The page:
Dave Lombardi’s path to University of Delaware was quite unique, growing up in New England. However, when he got here, his was a key player on some of the best teams the Blue Hens have ever had. He was an ACHA All-Star and led the Blue Hens to a couple appearances in the ACHA Semi-Finals.
Dave has been playing hockey since he can remember. “I started skating when I was probably three years old” Dave said. “I started playing ice hockey when I was five years old and have been playing since.” New England, specifically around the Boston area, is one of the biggest hockey markets in America. Despite this, when it came time to decide on a college, he decided to leave New England.
Dave had plenty of options in New England when he was ready for college. He explained, “Growing up in New England, there are plenty of Division 3 schools around there. Hockey players and students are aware of those small schools.” He could’ve chosen one of these schools like many of his teammates and friends, but he decided to go to Delaware.
Dave said a lot of thought went into the decision. “ The reason I came to UD was because my twin brother had checked it out before me. I went away to boarding school after my four years at LaSalle in Providence. I ended up going to Northwood Prep. up in New York and that year when I was a Senior at LaSalle, my brother ended up going to University of Delaware. He had a distinguished scholar award, so they had him down for a day. My parents told me all about the school and while I was still in prep school; I had Delaware open as an option. I knew Delaware’s program was in line with a lot of the Division 3 schools that I could’ve played at as well. I came down to check it out because I had a couple high school friends who went there and that along with the recommendations from my brother and my parents made it seem like a good fit. I don’t regret it for a day and I loved my time here. “
He also commented on the size of University of Delaware, saying, “The size of Delaware is perfect. 16 thousand undergrads are not too small to where you know everyone’s business. It’s big enough where you’re going to meet someone new everyday.” So, with that, he was off to Delaware.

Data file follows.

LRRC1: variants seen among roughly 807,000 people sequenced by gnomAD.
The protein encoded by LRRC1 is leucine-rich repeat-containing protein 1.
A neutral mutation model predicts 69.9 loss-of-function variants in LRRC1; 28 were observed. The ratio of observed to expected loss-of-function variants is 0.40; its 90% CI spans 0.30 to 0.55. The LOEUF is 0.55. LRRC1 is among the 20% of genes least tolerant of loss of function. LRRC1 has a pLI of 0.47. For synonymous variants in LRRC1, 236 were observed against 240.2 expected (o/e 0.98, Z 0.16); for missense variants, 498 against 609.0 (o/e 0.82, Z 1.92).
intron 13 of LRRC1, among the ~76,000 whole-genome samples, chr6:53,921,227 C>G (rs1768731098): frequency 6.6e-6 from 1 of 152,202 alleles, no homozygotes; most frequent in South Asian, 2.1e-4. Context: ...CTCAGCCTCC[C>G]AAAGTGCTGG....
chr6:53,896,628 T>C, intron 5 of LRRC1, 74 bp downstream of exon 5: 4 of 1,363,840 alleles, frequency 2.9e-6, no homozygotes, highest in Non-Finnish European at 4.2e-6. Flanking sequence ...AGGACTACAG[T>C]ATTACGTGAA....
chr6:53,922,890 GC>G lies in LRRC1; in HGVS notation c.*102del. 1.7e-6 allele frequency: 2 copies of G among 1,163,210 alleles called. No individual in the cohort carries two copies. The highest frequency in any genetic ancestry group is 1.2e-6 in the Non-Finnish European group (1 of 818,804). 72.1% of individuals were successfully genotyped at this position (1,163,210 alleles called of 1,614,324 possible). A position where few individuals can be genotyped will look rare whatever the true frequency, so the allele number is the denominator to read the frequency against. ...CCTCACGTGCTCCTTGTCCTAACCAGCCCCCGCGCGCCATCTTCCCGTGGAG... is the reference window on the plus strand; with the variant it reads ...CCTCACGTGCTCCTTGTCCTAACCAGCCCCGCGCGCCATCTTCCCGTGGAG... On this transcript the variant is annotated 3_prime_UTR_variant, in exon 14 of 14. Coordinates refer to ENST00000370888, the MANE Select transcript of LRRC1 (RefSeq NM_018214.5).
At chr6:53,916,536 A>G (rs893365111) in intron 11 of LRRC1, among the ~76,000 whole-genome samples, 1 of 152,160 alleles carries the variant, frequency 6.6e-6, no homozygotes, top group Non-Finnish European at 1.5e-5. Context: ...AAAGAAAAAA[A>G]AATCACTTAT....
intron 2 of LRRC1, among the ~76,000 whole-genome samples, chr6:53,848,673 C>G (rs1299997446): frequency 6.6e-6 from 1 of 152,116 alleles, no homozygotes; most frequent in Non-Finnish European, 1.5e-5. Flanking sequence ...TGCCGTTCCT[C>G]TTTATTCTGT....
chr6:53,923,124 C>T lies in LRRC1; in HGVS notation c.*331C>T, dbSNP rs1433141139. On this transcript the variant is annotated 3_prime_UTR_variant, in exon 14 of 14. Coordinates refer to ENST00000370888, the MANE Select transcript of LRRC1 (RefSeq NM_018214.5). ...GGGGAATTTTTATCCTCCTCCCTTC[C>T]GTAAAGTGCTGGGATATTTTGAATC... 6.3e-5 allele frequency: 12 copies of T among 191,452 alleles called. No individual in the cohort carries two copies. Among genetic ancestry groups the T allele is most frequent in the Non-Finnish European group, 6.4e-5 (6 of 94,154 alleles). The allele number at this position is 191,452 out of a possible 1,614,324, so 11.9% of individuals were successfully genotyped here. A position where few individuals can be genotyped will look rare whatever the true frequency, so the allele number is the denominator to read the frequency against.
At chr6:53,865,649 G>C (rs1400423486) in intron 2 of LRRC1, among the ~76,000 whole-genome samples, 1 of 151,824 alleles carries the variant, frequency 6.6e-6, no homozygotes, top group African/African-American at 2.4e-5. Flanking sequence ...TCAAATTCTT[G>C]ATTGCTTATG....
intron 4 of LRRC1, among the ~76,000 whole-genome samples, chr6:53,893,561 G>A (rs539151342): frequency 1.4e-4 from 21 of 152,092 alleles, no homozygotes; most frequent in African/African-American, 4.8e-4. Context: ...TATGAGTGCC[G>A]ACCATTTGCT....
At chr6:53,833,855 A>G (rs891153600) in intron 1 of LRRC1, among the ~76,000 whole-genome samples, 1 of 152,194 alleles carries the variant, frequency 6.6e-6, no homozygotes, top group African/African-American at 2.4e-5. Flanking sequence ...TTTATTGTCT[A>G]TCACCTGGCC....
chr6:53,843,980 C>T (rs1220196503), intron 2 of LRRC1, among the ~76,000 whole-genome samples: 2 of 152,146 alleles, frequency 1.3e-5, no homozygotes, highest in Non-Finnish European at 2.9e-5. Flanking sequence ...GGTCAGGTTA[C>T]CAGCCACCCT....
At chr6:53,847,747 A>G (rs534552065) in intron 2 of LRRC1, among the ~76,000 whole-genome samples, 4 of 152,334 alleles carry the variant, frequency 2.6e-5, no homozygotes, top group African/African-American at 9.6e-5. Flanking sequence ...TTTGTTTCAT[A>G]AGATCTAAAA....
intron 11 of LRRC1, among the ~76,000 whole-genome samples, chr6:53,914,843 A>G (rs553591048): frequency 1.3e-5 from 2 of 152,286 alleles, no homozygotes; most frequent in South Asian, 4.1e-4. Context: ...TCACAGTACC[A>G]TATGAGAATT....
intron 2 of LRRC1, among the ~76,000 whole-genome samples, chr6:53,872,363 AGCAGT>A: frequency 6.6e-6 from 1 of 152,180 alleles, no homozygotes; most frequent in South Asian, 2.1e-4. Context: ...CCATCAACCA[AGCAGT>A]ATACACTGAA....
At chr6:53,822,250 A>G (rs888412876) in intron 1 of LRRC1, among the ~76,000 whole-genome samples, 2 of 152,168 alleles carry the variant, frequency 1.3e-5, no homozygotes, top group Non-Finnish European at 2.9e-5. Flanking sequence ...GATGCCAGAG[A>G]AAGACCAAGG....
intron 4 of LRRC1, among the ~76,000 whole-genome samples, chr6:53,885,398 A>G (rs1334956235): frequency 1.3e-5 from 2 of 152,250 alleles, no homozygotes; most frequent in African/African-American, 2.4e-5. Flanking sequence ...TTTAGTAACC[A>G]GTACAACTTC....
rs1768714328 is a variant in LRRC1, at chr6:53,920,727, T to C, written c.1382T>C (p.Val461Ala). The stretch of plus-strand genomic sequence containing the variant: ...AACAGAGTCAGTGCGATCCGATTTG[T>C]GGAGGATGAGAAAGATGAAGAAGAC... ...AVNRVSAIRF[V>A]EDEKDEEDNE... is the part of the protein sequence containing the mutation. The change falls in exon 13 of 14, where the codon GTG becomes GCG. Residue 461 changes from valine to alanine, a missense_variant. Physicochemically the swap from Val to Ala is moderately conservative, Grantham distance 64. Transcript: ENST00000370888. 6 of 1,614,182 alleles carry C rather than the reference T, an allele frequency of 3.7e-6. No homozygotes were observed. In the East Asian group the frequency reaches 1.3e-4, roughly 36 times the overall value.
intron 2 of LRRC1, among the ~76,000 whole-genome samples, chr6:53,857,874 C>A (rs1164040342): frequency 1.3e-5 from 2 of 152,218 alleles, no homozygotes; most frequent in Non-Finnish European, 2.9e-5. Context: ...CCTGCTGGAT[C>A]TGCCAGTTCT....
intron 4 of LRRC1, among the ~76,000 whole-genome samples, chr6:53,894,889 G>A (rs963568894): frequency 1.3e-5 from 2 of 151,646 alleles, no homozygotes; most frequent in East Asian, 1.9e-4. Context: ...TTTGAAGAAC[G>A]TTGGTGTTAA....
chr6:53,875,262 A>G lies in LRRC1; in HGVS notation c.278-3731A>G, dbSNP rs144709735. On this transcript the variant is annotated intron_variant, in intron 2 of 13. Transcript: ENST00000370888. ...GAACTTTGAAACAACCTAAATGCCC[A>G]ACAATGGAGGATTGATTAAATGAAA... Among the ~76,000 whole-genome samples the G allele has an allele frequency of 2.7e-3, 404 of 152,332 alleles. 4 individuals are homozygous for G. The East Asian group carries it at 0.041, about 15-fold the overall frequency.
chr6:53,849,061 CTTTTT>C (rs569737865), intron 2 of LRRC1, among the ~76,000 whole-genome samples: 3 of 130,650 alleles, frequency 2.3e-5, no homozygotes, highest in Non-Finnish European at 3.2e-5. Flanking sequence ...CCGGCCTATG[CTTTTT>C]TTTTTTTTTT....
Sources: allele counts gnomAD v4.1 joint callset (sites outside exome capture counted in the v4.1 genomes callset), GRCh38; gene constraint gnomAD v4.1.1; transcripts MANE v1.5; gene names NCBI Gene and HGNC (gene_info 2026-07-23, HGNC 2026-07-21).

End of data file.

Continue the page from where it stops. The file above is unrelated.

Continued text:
The team went to nationals three out of the four years he was a part of the program. The team reached the Semi-Finals two of his four years, including his senior year.
He was named an ACHA all star, which is an honor given to the top forty players in the ACHA. “The All-Star team was fun. I didn’t really expect it. Coach Sherman kind of approached all the older players on the team. He knew that I was a senior and told me if any of the seniors wanted to go he would recommend us first. Brandon Weiner and I were both captains and we raised our hands and told him we wanted to go as long as you were willing to put forward the recommendation. We both had pretty good seasons stat wise and it just worked out well for both of us. I remember taking Brandon’s dad’s truck up there for a nine-hour drive all the way to Adrian, Michigan. When we got there, the other players had a kind of comradery because most of them played together on the World University Teams, comprised of all the better players in the ACHA. We were kind of outsiders, but everyone was very welcoming. “
Dave’s favorite moment from the event was the skills competition. “There was a skills competition before the game, which was fun. There was fastest skater, a breakaway competition, some other events and then a team picture at the end. That was fun. I didn’t even know about that.”
Dave Lombardi then had a successful campaign with the Blue Hens at nationals. He recalls one game, in particular, as his favorite game as a Blue Hen. “The best game had to be that quarter final against Adrian as a senior. We were down 4-2 with less than ten minutes to go. We all thought how often do you come back from down two goals? With 90 seconds left we did. Brandon Weiner scored the goals in almost identical fashion to tie it. I can’t even describe the ecstatic nature of our arena at the time. The nationals were here so we had a lot of hometown fans. It took another two periods for us to score. I was actually on the ice when it happened. I don’t even remember it happening, I was just so tired from playing five periods of hockey after playing three the night before.”
While Dave Lombardi never got to be a part of a national championship team; he did agree with me when I asked him if he laid the groundwork for the title the team won a the year after he graduated. He finished with saying “the seniors there, when I was a freshman, instilled in us the UD pride that carried on with us.”
Dave Lombardi currently serves as the President of the Alumni for the Blue Hens.
By: Tyler Fitzpatrick
The full audio for the interview can be found above.